“Ask whoever told you that the plane went for repairs to tell you the extent of the damage. As far as I am concerned, I do not know anything about it,” Gumbo said curtly.
The reason Zimbabwe Airways hasn’t started commercial service
The above isn’t even the best part of the story. Rather I’m much more interested in why they haven’t yet started commercial service. What’s their reasoning for not having operated any commercial flights yet (other than the fact that their business model makes no sense to begin with)? The airline doesn’t have any qualified pilots to operate the plane, and they’re realizing that pilots are expensive.
“Unfortunately, if the delay in organising everything continues, the costs of maintaining it will keep ballooning, especially considering the fact that it is not making any money – which all raises more questions as to how we have ended up where we are.”
“Firstly, no one wanted those old planes and so they could have cost us much, much less. Secondly, Zim Airways clearly has no capacity to operate those aircraft, as they have no trained pilots and engineers for them.”
“This means the we will need to hire expatriates to fly the planes, and the going rate for a B777 captain is at least $20,000 per month which is unaffordable in this market, where you don’t even have the passengers to justify the investment.”
The story also suggests that the plane was flown to Harare by five Malaysian pilots. But wait a second, Mugabe’s son-in-law got off that plane wearing a uniform with four stripes. Do you mean to tell me that he’s not an experienced 777 captain with thousands of hours of flying under his belt?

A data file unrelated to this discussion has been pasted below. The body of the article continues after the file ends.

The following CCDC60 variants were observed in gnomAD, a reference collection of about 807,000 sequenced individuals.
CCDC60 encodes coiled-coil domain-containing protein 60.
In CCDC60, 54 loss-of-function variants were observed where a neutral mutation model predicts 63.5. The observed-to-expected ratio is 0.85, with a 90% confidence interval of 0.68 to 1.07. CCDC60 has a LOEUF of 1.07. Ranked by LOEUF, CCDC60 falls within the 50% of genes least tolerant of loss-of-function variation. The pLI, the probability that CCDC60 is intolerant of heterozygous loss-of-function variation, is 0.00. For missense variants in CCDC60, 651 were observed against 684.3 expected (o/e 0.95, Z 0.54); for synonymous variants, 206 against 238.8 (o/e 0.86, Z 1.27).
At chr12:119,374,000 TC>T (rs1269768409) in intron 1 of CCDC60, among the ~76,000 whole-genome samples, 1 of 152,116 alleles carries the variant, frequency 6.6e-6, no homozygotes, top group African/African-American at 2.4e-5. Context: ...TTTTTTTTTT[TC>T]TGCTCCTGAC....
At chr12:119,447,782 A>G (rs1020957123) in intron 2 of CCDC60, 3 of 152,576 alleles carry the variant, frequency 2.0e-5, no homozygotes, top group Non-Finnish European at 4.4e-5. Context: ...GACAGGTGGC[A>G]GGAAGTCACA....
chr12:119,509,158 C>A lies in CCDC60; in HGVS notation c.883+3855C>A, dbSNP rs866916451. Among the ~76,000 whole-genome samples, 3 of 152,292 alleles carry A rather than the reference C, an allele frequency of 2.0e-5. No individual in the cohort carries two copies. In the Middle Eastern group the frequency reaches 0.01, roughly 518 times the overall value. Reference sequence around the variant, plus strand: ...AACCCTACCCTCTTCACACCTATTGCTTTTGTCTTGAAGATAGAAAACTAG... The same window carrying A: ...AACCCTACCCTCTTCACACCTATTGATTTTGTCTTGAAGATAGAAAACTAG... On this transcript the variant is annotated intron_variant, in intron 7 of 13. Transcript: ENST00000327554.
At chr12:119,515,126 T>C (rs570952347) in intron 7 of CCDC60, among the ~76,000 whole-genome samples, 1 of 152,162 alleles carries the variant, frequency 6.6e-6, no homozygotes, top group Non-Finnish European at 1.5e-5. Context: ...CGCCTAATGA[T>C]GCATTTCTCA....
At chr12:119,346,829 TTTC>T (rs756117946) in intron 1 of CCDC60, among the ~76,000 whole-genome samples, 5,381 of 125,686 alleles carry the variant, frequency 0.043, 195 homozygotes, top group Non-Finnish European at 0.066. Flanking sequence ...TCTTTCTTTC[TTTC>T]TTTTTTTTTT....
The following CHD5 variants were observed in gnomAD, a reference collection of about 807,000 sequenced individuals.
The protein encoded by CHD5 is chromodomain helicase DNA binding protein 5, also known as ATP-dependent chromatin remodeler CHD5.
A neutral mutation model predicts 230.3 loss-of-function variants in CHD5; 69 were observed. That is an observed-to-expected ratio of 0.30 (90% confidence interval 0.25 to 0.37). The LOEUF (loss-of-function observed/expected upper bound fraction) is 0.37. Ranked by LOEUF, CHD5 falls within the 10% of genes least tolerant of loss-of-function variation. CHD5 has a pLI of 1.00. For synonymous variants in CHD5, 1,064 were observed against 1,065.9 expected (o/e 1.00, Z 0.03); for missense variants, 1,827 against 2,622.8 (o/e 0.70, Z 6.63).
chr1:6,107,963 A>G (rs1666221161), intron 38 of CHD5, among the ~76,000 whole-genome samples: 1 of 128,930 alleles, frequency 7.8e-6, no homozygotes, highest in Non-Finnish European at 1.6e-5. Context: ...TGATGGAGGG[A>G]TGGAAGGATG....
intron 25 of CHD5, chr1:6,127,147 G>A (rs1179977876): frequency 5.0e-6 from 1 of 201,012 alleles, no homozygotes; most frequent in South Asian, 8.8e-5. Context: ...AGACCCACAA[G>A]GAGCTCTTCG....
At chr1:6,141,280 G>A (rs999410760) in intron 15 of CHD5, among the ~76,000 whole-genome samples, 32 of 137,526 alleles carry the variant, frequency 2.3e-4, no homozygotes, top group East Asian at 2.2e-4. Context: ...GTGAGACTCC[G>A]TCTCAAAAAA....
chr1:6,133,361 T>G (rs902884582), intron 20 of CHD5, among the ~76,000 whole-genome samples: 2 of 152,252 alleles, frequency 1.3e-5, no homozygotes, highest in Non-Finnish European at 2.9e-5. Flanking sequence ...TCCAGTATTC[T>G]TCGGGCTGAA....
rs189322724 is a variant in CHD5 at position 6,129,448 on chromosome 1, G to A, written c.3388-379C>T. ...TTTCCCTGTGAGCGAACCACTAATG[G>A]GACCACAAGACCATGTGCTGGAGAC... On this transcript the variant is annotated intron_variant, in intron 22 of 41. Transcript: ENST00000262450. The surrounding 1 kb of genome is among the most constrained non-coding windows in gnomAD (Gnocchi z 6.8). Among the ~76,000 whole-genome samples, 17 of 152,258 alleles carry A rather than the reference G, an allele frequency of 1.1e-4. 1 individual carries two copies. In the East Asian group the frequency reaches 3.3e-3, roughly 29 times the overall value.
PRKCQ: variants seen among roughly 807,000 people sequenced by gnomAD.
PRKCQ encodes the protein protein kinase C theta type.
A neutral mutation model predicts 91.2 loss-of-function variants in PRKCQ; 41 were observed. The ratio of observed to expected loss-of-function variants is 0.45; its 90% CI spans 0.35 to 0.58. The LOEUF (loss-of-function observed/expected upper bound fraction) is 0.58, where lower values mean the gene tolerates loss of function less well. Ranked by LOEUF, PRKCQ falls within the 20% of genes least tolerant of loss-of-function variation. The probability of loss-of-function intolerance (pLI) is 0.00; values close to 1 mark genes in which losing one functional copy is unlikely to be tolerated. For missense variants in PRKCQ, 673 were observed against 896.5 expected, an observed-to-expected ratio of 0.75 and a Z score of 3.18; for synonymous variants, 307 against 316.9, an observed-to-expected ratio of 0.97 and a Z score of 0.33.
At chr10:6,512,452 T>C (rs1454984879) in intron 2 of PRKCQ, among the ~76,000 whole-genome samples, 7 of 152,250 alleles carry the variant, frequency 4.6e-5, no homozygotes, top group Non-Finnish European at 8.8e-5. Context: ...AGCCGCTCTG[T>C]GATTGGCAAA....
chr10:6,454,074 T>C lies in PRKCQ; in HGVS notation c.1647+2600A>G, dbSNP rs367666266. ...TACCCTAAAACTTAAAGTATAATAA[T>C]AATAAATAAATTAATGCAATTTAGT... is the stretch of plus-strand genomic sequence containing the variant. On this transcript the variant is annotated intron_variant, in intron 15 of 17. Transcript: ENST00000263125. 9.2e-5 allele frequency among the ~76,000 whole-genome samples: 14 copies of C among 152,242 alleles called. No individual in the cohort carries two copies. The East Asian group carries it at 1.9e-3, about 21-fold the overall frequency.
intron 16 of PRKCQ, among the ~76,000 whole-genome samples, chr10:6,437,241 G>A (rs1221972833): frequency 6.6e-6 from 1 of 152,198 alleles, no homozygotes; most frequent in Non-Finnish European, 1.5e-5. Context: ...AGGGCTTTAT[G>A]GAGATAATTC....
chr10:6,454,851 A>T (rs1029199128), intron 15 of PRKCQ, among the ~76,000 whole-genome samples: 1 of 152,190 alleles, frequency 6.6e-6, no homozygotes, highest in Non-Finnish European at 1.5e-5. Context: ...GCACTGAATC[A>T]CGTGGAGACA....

Is Mugabe’s son-in-law a pilot?
This question led me down a whole different rabbit hole. Is Mugabe’s son-in-law, Simba Chikore, a pilot? This is the first thing my Google search returned:
Okay, on the plus side, that’s a bachelors party I can get behind. 6PM till 9PM? Those are my kind of hours! I’d only miss my bedtime by about 90 minutes.
Some stories suggest he claimed to be a pilot for Qatar Airways, but the airline denied he ever worked for them. Other stories suggest he was a first officer for Qatar Airways, failed the tests to become a captain, and then went back to Zimbabwe.
So who the heck really knows. But my gosh, this sure is juicy.
It’s obvious that Zimbabwe Airways would never make it. Based on what we know, it seems like there may have been some bribes involved somewhere along the way, given the $140 million that has allegedly gone missing in this deal. This whole thing makes me sad, but then again, this level of waste is nothing new in Zimbabwe, and it’s par for the course. They’re going to waste hundreds of millions of dollars at the expense of their people one way or another.
Now I’m just following along to see what ends up happening — will the 777 return to Harare Airport and park there until it’s unusable, will they try to sell it, or what? It seems almost certain it will never operate a commercial flight. – One Mile At A Time